A wounded Israeli soldier is carried to Soroka hospital in Beersheba on July 19, 2014.
THE PEW Research Center last week released a new survey of American attitudes in the Middle East. The results weren't surprising. In the conflict between Israel and the Palestinians, 51 percent of Americans say they sympathize more with Israel. Only 14 percent feel greater affinity for the Palestinians.
Pew's findings demonstrate the strength of pro-Israel feeling in the United States. The poll was conducted amid the current fighting with Hamas, but the bottom line hardly changed from Pew's last survey in April, when it reported that in the 36 years it has been sampling public opinion, "sympathy toward Israel has never been higher." Other pollsters have documented the same disparity. In a Gallup survey in February, 72 percent of Americans had a favorable opinion of Israel; the Palestinian Authority was viewed favorably by just 19 percent.
But below the surface, America's Israel-friendly consensus is splitting along the same left-vs.-right fault line that has polarized so many other issues. While support for Israel is overwhelming among Republicans and conservatives, it has been shrinking among Democrats and liberals.
"The partisan gap in Mideast sympathies has never been wider," reports Pew, with 73 percent of Republicans sympathetic to Israel in the ongoing conflict, but just 44 percent of Democrats. Respondents identifying as liberal Democrats were five times as likely as conservative Republicans to sympathize more with the Palestinians.
Thus is the Democratic Party losing its way on one of the great moral issues of our time.
For roughly the first third of Israel's existence, Democrats tended to support the Jewish state more strongly than Republicans did. In a compelling new book, Making David into Goliath: How the World Turned Against Israel, foreign-affairs thinker Joshua Muravchik writes that during the run up to the Six-Day War in 1967, "Israel was above all a cause championed by liberals." So heartfelt was this support that even ardent Democratic opponents of the Vietnam War, such as John Kenneth Galbraith and Senators Wayne Morse and Eugene McCarthy, advocated US military action on Israel's behalf.
Only over the last 25 years has support for Israel grown so much greater among Republicans than among Democrats. The reasons for the divergence are many. On the right, they include the high value Republicans have attached to Israel as a stable ally in a very unstable region, a value reinforced by 9/11 and the spread of radical Islam. Also important was the migration to the GOP of evangelical Christians, many of whom support the Jewish state as a matter of transcendent conviction.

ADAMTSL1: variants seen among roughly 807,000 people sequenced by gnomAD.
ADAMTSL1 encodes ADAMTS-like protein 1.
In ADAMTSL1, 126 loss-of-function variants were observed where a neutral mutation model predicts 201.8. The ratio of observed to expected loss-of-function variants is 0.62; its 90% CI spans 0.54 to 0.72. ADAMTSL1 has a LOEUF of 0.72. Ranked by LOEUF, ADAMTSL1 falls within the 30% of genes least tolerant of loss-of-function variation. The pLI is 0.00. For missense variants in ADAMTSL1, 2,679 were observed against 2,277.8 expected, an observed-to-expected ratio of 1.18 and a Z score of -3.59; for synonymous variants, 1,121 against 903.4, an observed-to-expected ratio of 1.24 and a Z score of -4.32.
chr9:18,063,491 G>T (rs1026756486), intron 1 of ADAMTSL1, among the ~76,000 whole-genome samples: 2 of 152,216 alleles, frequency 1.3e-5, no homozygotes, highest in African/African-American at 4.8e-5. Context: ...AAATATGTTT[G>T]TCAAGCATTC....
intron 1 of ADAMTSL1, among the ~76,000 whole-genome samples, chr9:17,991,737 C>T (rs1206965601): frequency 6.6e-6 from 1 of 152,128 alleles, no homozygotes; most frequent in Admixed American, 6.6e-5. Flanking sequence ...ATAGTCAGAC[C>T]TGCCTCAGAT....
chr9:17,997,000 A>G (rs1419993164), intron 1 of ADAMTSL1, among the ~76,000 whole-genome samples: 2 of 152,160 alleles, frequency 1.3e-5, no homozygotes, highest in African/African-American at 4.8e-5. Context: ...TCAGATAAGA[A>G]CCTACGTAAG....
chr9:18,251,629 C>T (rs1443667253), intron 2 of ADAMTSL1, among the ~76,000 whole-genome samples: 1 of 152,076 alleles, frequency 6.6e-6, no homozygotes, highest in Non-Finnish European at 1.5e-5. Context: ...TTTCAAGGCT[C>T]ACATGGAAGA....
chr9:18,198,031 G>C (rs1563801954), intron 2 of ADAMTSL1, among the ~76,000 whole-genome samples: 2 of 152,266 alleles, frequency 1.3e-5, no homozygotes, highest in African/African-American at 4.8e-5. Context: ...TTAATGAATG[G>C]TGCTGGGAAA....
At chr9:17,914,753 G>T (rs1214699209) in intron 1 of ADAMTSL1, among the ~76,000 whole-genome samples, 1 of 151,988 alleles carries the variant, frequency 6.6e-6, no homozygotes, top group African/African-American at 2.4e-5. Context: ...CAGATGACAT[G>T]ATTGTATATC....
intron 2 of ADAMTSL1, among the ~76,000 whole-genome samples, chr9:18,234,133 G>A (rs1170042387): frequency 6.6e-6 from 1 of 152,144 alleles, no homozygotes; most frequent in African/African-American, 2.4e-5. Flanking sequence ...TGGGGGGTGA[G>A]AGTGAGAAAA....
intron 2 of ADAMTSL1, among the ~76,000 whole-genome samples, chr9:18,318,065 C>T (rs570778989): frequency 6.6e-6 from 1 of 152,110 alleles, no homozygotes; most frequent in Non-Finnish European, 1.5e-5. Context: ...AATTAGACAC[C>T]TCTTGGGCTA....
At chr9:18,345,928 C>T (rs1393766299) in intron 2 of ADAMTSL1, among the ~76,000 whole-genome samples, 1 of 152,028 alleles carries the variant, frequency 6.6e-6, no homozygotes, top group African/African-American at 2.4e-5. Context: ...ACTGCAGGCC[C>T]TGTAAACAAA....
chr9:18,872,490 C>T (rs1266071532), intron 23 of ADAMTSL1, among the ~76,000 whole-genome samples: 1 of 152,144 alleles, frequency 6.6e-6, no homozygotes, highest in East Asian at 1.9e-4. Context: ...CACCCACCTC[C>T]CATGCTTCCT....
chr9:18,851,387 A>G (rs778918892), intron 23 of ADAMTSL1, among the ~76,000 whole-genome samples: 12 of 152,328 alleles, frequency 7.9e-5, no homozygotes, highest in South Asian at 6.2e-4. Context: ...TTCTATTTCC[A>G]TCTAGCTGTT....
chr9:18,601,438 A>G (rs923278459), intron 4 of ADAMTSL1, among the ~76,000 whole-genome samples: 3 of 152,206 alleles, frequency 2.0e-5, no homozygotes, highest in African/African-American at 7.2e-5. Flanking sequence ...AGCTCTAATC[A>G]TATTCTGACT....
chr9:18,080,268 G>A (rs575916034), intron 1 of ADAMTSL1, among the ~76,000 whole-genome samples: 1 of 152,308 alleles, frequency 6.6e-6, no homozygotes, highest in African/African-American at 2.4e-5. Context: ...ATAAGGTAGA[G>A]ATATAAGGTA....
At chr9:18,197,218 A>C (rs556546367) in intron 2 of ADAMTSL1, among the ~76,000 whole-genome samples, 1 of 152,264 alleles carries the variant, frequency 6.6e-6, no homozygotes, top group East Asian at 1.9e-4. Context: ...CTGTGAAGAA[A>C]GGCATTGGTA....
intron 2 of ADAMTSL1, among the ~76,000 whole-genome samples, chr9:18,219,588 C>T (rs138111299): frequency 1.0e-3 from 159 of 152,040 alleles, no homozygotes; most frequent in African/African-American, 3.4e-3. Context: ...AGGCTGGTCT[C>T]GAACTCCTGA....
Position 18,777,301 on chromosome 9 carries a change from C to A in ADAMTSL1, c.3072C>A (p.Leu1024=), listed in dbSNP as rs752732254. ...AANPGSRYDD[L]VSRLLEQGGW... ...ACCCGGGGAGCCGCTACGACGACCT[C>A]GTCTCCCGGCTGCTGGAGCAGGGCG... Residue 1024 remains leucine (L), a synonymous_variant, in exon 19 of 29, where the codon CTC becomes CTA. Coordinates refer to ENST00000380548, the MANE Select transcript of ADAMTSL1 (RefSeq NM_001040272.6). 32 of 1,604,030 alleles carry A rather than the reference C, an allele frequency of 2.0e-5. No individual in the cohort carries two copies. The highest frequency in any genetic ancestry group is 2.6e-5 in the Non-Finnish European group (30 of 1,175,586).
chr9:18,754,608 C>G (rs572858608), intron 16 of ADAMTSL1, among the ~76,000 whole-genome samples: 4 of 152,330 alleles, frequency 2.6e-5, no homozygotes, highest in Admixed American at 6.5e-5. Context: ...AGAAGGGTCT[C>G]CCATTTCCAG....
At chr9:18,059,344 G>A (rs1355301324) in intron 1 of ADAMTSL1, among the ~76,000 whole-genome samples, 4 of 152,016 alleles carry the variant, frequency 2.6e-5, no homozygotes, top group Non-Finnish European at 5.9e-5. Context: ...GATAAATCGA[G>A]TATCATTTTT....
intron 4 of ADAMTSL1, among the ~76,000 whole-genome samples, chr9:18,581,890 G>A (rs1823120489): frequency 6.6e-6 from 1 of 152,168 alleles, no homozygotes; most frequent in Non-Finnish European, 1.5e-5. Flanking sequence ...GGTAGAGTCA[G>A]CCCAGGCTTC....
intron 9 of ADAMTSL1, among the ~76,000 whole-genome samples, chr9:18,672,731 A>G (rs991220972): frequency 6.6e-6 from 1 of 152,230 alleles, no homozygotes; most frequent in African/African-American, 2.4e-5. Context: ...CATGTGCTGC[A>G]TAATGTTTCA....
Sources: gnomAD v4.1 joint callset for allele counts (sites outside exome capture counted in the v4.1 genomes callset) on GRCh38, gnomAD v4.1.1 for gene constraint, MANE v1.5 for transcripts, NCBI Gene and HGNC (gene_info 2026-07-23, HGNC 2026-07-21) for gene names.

But on the left, the Israeli-Arab dispute itself has been redefined. Liberals used to see the stakes with no illusions: A small Jewish democracy, an outpost of liberal Western values, was surrounded by brutal Arab dictatorships that denied its very right to exist. That moral clarity has eroded, partly because of facts on the ground over years of conflict — but ultimately through a skillful war of ideas, first launched on the radical left, to reframe the conflict by making Israel the villain and casting "Palestinians," who had never been considered a nation, as an oppressed underdog seeking independence.
The partisan gap has never been wider, according to Pew. Its latest poll finds 73% of Republicans more sympathetic to Israel, but just 44% of Democrats.
This intellectual assault began, as Muravchik details, when the Soviet Union, angered by Israel's defeat of its Arab clients in 1967, engineered a propaganda campaign to delegitimize Zionism. Moscow embraced the PLO, assiduously promoting its significance to the global "anti-imperialist struggle." The campaign was fought on many fronts, from academia to the UN to the media. Over time the anti-Israel narrative gained such traction that the Jewish state, though still a humane and liberal democracy, became one of the world's most reviled nations.
Needless to say, Israel's policies are always a legitimate target for honest criticism, as Israelis themselves — often among their government's harshest critics — would be the first to assert. But critics ought to acknowledge that Israel's choices are made by a democratic government confronting relentless security threats from an enemy sworn to its destruction. To fail to recognize that moral context is to miss what matters most — to be blind to the conflict's essence.
Yet wherever the left holds sway, Israel is seen through jaundiced eyes. There has been an unprecedented moral inversion, illustrating the power of a noxious idea to seep from the ideological fringe to the mainstream.
The United States is not yet down to one pro-Israel party. But the seepage among Democrats continues. At the 2012 Democratic convention, a fight erupted over the deletion from the party's platform of standard language acknowledging Jerusalem as Israel's capital. It took an order from the White House to restore the pro-Israel clause, and even then it had to be gaveled through over the vocal opposition of half the convention delegates.
Not long ago, such a hostile gesture would have been unthinkable. Now, with each new poll confirming Democratic chilliness toward the Jewish state Democrats once loved, can it be anything but a precursor of worse to come?
(Jeff Jacoby is a columnist for The Boston Globe).
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